We've teamed up with self-love and body image coach Chantal Lacoste from @tillieandtrue to bring you a series of posts this year covering topics around wellness, body image, and compassion toward ourselves and others. Here’s our second post from Chantal!
"When we numb the dark, we numb the light."
- Brene Brown
One of the most challenging things I’ve ever had to do was learn to fully experience my emotions – to feel and to sit with them.
What do I mean by this? Well, have you ever noticed the constant desire to stimulate your senses when you’re feeling uncomfortable or stressed? After a hard day at work, do you just want to disconnect and turn on the TV? When you’re feeling insecure, do you suddenly desire food, even though you’re not hungry? When you’re in an argument with a friend or partner, do you notice you'd rather keep yourself busy than talk to them?
I could go on and on with behaviours we use to numb our emotions, but it’s not about the specific actions themselves, it’s about how we choose to handle and react to our emotions that matters. The question to ask ourselves is whether these actions make us disconnect from our experience, or whether we are engaging with the experience in the moment? At the end of the day, with every distraction at our disposal, it’s easier for us to run or escape than to sit in our suffering, stress, or pain. It’s important to recognize where we’re selling ourselves short by numbing ourselves.
I started to recognize my own tendencies to use behaviours such as eating, drinking, working out, and shopping as coping mechanisms when I learned about how to properly ‘feel my emotions’ in my eating disorder recovery program in 2016.
Even though certain distracting behaviours made me feel better in the moment, it often made me feel worse afterwards, because the pain never went away. All of the numbing in the world wasn’t helping me deal with what was really going on inside of me – the raw, vulnerable emotions that I needed to learn to deal with.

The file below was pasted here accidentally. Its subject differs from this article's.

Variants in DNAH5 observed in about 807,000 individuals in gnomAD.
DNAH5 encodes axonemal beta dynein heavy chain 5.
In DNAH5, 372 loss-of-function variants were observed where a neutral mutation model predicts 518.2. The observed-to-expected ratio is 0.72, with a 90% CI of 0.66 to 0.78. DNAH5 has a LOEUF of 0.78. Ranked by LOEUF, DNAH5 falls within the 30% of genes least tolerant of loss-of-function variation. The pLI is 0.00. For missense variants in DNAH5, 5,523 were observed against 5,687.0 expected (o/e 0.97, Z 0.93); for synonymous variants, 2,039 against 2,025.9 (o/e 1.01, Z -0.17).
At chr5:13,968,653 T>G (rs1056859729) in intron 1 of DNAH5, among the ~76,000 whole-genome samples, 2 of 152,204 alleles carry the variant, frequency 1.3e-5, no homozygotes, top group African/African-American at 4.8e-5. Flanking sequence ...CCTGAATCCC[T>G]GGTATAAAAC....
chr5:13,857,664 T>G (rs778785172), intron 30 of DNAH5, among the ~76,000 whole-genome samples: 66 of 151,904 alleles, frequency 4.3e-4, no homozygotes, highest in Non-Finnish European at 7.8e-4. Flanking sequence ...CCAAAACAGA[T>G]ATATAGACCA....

The lesson I learned in recovery was that to live a fully healthy and happy life, I needed to start feeling ALL of my emotions, not just the ones I selectively wanted to feel.
Over the years, I’ve practiced being more mindful and self-aware. I’ve worked on healing and personal growth and learned to sit with my pain. I’ve discovered what weighs me down and have worked on naming my emotions as they occur.
And as a self-love and body image coach, I’ve noticed when clients are avoiding their emotions to avoid pain too. Often my clients will say they feel lost, stuck, or numb because when they suppress their emotions, it makes it difficult to connect and listen to their inner wisdom – the guide that knows our most basic needs and deepest desires.
Some questions I often ask my clients are:
1. What if you were to just take a second, breathe, and recognize your pain?
2. What if you were to try and be fully connected in the moment when you felt triggered, before you wanted to run/escape/display that certain behaviour?
3. What were you feeling in that moment? What if you were to just feel and accept – what would happen then?
Asking these types of questions always leads to some sort of “aha moment” because, in order for us to feel the positive emotions, we need to feel the negative ones too. Embracing all of our emotions helps set us free.
And that’s why I ask you to be honest with yourself: where are you numbing your emotions in your life?
You deserve to explore what isn't working for you and to learn new techniques that help you engage in life rather than disconnect from it. Each emotion we embrace and honour helps us learn about the signals within ourselves and our inner wisdom that helps guide us to the happy, healthy life we want to live.
Want to evaluate where you disconnect and numb yourself in your life? Ask these three questions (and don’t be afraid to dig deep):
1. What isn't working in my life right now?
2. What am I running from, hiding from, or numbing myself to in order to avoid feeling pain?
3. What does numbing look like for me?
To practice accepting and sitting with your emotions as you're feeling them, try these tricks:
1. Name the emotion you’re feeling, no matter how raw or uncomfortable it is.
2. Embrace and explore the feeling. What does it mean? What was the trigger and where did it come from?
3. Give yourself some compassion – all of your feelings are valid, even if you feel alone in your pain.
4. Trust yourself that no matter whatever you’re feeling, you know what is best for you!
5. If you feel comfortable, talk to someone about your feelings, whether that is a close friend or a paid professional. It can be helpful to have support and comfort when you need it most.
Find Chantal’s advice for shopping with healthy body image in mind right here.
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